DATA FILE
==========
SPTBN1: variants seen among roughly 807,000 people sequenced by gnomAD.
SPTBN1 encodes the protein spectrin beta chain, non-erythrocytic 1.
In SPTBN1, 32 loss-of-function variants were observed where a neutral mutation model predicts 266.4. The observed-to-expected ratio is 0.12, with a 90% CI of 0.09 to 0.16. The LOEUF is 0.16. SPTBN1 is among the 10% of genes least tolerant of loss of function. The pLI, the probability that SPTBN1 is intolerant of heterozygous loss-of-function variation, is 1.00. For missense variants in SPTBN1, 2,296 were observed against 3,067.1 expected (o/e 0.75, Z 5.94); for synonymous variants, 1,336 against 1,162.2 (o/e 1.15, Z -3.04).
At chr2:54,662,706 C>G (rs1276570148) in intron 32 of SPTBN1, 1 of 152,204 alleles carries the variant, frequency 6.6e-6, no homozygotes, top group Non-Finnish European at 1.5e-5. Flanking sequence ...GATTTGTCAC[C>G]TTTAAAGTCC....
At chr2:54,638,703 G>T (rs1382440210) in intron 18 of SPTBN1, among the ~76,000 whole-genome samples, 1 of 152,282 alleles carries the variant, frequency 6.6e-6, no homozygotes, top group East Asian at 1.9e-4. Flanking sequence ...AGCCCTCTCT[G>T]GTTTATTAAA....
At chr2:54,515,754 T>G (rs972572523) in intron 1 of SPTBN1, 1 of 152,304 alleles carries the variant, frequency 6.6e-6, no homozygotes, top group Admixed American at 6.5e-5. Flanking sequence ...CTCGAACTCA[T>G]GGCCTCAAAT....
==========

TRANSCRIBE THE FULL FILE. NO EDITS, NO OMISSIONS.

SPTBN1: variants seen among roughly 807,000 people sequenced by gnomAD.
SPTBN1 encodes the protein spectrin beta chain, non-erythrocytic 1.
In SPTBN1, 32 loss-of-function variants were observed where a neutral mutation model predicts 266.4. The observed-to-expected ratio is 0.12, with a 90% CI of 0.09 to 0.16. The LOEUF is 0.16. SPTBN1 is among the 10% of genes least tolerant of loss of function. The pLI, the probability that SPTBN1 is intolerant of heterozygous loss-of-function variation, is 1.00. For missense variants in SPTBN1, 2,296 were observed against 3,067.1 expected (o/e 0.75, Z 5.94); for synonymous variants, 1,336 against 1,162.2 (o/e 1.15, Z -3.04).
At chr2:54,662,706 C>G (rs1276570148) in intron 32 of SPTBN1, 1 of 152,204 alleles carries the variant, frequency 6.6e-6, no homozygotes, top group Non-Finnish European at 1.5e-5. Flanking sequence ...GATTTGTCAC[C>G]TTTAAAGTCC....
At chr2:54,638,703 G>T (rs1382440210) in intron 18 of SPTBN1, among the ~76,000 whole-genome samples, 1 of 152,282 alleles carries the variant, frequency 6.6e-6, no homozygotes, top group East Asian at 1.9e-4. Flanking sequence ...AGCCCTCTCT[G>T]GTTTATTAAA....
At chr2:54,515,754 T>G (rs972572523) in intron 1 of SPTBN1, 1 of 152,304 alleles carries the variant, frequency 6.6e-6, no homozygotes, top group Admixed American at 6.5e-5. Flanking sequence ...CTCGAACTCA[T>G]GGCCTCAAAT....